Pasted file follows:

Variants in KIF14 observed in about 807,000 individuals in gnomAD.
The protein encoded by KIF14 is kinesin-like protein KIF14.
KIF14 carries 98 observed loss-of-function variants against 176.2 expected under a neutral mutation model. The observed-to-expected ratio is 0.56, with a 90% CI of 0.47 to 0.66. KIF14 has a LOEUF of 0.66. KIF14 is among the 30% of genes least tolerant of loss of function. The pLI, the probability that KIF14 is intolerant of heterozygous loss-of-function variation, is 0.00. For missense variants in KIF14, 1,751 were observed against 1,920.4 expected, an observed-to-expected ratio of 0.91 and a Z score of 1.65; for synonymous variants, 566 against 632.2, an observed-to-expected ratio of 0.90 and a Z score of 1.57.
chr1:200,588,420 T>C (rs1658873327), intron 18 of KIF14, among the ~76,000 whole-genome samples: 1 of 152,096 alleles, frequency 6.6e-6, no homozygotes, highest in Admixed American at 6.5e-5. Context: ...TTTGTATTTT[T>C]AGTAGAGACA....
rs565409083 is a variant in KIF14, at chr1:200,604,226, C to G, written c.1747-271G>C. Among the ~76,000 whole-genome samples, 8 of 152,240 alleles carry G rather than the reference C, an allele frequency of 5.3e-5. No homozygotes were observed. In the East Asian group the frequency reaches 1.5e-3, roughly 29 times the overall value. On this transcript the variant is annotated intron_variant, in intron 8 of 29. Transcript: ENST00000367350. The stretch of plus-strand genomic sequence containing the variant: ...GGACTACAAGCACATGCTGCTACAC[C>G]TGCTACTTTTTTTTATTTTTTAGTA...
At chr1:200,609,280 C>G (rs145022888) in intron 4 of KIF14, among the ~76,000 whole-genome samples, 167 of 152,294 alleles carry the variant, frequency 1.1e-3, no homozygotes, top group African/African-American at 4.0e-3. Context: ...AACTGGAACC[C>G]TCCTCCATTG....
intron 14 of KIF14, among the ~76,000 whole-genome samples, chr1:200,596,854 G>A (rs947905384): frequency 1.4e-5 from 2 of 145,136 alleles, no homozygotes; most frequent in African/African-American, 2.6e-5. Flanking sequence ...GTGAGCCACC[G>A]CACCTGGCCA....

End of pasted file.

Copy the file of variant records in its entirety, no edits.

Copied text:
Variants in KIF14 observed in about 807,000 individuals in gnomAD.
The protein encoded by KIF14 is kinesin-like protein KIF14.
KIF14 carries 98 observed loss-of-function variants against 176.2 expected under a neutral mutation model. The observed-to-expected ratio is 0.56, with a 90% CI of 0.47 to 0.66. KIF14 has a LOEUF of 0.66. KIF14 is among the 30% of genes least tolerant of loss of function. The pLI, the probability that KIF14 is intolerant of heterozygous loss-of-function variation, is 0.00. For missense variants in KIF14, 1,751 were observed against 1,920.4 expected, an observed-to-expected ratio of 0.91 and a Z score of 1.65; for synonymous variants, 566 against 632.2, an observed-to-expected ratio of 0.90 and a Z score of 1.57.
chr1:200,588,420 T>C (rs1658873327), intron 18 of KIF14, among the ~76,000 whole-genome samples: 1 of 152,096 alleles, frequency 6.6e-6, no homozygotes, highest in Admixed American at 6.5e-5. Context: ...TTTGTATTTT[T>C]AGTAGAGACA....
rs565409083 is a variant in KIF14, at chr1:200,604,226, C to G, written c.1747-271G>C. Among the ~76,000 whole-genome samples, 8 of 152,240 alleles carry G rather than the reference C, an allele frequency of 5.3e-5. No homozygotes were observed. In the East Asian group the frequency reaches 1.5e-3, roughly 29 times the overall value. On this transcript the variant is annotated intron_variant, in intron 8 of 29. Transcript: ENST00000367350. The stretch of plus-strand genomic sequence containing the variant: ...GGACTACAAGCACATGCTGCTACAC[C>G]TGCTACTTTTTTTTATTTTTTAGTA...
At chr1:200,609,280 C>G (rs145022888) in intron 4 of KIF14, among the ~76,000 whole-genome samples, 167 of 152,294 alleles carry the variant, frequency 1.1e-3, no homozygotes, top group African/African-American at 4.0e-3. Context: ...AACTGGAACC[C>G]TCCTCCATTG....
intron 14 of KIF14, among the ~76,000 whole-genome samples, chr1:200,596,854 G>A (rs947905384): frequency 1.4e-5 from 2 of 145,136 alleles, no homozygotes; most frequent in African/African-American, 2.6e-5. Flanking sequence ...GTGAGCCACC[G>A]CACCTGGCCA....